Le Mans switch could provide dividends for Audi's Oliver Jarvis

David Hobbs

"Just tell him to drive slowly and be nice and gentle, it's not about the winning. I hope he has a fine second."

Allan McNish was in fine form when talking about his Audi team-mate and fellow Brit, Oliver Jarvis, but it wouldn't be a surprise if there was a hint of truth in what he was saying as both prepared for this weekend's Le Mans 24 Hours.

After all, Audi bosses aren't afraid to let their cars fight each other even when the opposition has fallen by the wayside; McNish's tight victory at Silverstone ahead of the sister car was testament to that while Jarvis' victory in the Sebring 12 Hours in March with Marcel Fassler and Benoit Treluyer showed he had what it takes to drive alongside two double Le Mans winners.

"Yes, that win at Sebring did piss me off. It was a shocking display. We didn't speak for ages after that," joked McNish, who finished second in the US race.

More seriously, McNish believes the 29-year-old is in a better place since joining the sportscar team and that it's definitely paying off.

"Olly was in the DTM which I think was not the correct category for him. His driving style and his mentality - he's a thinking driver - is much better suited to sportscars.

"I think Sebring gave him a lot of confidence. He first won at Daytona [24 Hours] in a GT car but to go and win Sebring was a big pointer for him. It took a lot of pressure off him because now he's got a big race win under his belt, so this season to some extent is already settled and done and anything else could be seen as a bonus in a wee way."

"I'm sure he's not going into Le Mans with that thought process though!"

And true enough, Jarvis was delighted with his two maiden wins across the pond as well as third place at Spa this year but understandably wants more.

"To win at Sebring in the LMP car was a real confidence boost because I was driving alongside Benoit and Marcel.

"I fitted straight into the team and it was great that we could go there and beat the likes of Tom Kristensen and Allan McNish - and they were also in the new car - so it was a very sweet victory, I have to say.

But when talking about Le Mans - the big one – where he finished third on his debut in 2012, Jarvis' aim is clear.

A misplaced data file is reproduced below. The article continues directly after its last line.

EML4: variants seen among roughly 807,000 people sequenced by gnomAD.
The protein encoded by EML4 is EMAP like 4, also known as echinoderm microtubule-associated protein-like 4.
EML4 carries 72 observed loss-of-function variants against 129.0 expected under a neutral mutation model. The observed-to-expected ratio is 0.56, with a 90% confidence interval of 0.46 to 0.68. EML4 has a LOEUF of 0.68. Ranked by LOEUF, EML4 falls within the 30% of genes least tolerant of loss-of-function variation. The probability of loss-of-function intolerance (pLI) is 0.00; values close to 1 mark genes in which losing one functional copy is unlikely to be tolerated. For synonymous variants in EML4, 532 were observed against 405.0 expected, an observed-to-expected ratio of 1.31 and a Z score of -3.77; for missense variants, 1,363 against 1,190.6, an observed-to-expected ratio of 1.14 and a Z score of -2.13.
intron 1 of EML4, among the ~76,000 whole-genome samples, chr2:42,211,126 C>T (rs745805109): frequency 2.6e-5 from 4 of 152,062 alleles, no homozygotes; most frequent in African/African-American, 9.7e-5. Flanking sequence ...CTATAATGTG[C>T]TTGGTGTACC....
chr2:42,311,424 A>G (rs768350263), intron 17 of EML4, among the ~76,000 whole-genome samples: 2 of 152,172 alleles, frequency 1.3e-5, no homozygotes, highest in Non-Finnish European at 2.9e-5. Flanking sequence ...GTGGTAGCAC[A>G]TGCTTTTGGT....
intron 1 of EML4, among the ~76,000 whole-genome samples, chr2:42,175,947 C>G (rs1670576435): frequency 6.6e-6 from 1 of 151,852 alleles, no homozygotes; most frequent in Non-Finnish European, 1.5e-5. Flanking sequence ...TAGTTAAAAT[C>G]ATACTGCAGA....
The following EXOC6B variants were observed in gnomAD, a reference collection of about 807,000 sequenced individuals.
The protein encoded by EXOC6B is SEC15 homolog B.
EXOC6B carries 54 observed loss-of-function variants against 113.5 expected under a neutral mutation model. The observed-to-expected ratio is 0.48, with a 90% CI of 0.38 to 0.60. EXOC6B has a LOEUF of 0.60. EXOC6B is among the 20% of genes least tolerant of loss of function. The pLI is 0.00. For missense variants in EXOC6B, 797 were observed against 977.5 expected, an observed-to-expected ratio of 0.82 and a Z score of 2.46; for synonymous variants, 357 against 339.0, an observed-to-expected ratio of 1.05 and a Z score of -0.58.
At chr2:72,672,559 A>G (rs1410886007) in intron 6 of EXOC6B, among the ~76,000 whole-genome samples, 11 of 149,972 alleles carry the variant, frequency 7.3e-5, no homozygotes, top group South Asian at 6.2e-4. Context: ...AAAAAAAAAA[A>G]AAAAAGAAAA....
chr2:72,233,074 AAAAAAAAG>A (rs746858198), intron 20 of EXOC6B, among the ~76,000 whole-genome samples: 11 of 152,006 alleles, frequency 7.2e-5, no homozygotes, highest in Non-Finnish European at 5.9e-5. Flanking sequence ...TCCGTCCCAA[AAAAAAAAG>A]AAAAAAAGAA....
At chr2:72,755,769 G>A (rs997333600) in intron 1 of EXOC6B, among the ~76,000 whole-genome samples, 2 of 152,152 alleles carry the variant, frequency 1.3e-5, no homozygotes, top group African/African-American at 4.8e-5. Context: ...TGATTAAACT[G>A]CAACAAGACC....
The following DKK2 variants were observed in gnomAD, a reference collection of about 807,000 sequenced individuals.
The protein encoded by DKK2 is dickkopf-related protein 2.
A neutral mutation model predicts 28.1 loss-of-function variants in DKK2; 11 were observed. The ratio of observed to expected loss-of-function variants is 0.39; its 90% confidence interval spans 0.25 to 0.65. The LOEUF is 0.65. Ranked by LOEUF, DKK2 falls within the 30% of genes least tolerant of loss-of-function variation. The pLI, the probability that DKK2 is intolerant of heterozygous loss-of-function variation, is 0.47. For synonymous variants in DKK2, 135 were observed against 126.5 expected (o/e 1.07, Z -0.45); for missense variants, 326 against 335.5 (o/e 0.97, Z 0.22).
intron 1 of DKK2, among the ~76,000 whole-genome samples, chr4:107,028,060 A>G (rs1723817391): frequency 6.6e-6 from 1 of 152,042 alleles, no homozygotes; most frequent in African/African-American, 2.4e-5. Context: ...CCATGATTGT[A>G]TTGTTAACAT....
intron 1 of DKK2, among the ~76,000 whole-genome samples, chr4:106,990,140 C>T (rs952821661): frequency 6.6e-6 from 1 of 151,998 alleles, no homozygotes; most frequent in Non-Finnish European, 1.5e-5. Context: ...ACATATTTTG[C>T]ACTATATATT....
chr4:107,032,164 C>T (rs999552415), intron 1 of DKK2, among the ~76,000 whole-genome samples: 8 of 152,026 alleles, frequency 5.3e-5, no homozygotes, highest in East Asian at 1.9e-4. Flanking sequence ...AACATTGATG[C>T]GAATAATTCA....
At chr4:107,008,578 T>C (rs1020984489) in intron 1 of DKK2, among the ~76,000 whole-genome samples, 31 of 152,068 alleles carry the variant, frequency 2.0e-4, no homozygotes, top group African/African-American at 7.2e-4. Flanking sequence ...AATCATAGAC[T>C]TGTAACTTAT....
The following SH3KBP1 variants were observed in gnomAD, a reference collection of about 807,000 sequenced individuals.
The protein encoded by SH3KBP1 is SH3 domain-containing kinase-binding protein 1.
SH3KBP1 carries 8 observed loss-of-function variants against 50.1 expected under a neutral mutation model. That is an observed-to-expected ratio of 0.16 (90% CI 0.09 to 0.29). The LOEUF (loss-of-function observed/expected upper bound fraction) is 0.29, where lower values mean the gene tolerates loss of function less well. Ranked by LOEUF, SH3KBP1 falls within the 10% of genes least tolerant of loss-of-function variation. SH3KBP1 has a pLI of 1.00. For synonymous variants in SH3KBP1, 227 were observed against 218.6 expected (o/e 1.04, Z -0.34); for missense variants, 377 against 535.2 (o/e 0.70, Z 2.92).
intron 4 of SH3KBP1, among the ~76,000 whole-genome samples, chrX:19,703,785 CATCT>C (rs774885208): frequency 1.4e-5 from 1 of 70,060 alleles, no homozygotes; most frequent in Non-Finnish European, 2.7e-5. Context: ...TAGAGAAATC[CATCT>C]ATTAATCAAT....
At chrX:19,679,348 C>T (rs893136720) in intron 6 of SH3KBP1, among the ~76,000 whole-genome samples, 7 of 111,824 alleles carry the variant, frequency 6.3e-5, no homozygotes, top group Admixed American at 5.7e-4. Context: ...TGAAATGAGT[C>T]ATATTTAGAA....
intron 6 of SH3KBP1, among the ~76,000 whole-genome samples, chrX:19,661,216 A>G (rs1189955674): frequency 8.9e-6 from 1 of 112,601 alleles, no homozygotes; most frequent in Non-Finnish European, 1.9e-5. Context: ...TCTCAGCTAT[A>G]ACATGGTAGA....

"Every driver wants a Le Mans victory on their CV and I'm no different. We'll be pushing as hard as necessary and even if we have to take risks we will do so. It's the victory we're after.. in three or four years nobody remembers who finishes second."

Jarvis is certain he has found his place in motorsport and cannot see himself anywhere else.

"I love it," he said enthusiastically. "For me, it's where I want to be.

The sportscar is such an incredible car to drive, it's so quick and being part of Audi – such a professional outfit – if I stayed in spotscars for the foreseeable future I'd be very happy.

"A lot of people talk about Formula One but this is right up there with it."

Is he feeling more confident for his second stab at Le Mans glory?

"I feel much more prepared than I did last year, testing has gone better. I think Audi have done a fantastic job over the winter.

"We had a strong package last year but we knew Toyota had done a great job so we haven't rested on our laurels, we've worked hard over the winter and come back stronger."

The weather for the race looks unsettled and Jarvis thinks that any rain could play into Audi's hands over Toyota, particularly with what he saw at the Le Mans test day earlier this month and the differences between the two team's energy retrieval systems

"We run a front-wheel drive KERS and they run rear wheel. What that means is they get all the power from the rear and they can activate their KERS system much earlier which in the dry is actually very effective but unfortunately in the wet when you have very little grip you can't use all the power whereas we effectively get four wheel drive, which is a better fit. So, it definitely looked like Audi had the advantage."

Having said that, Jarvis doesn't expect an easy ride from Toyota and is certain their rivals have overcome their reliability issues and are ready to give them a hard fight.

"I think it's going to be very close.

"We know they've got a very competitive package. From our analysis after Spa, it looked like they were going to be very strong. We're taking the threat very seriously.

"I think whoever wins will have to run a perfect race and push 100% for 24 hours."

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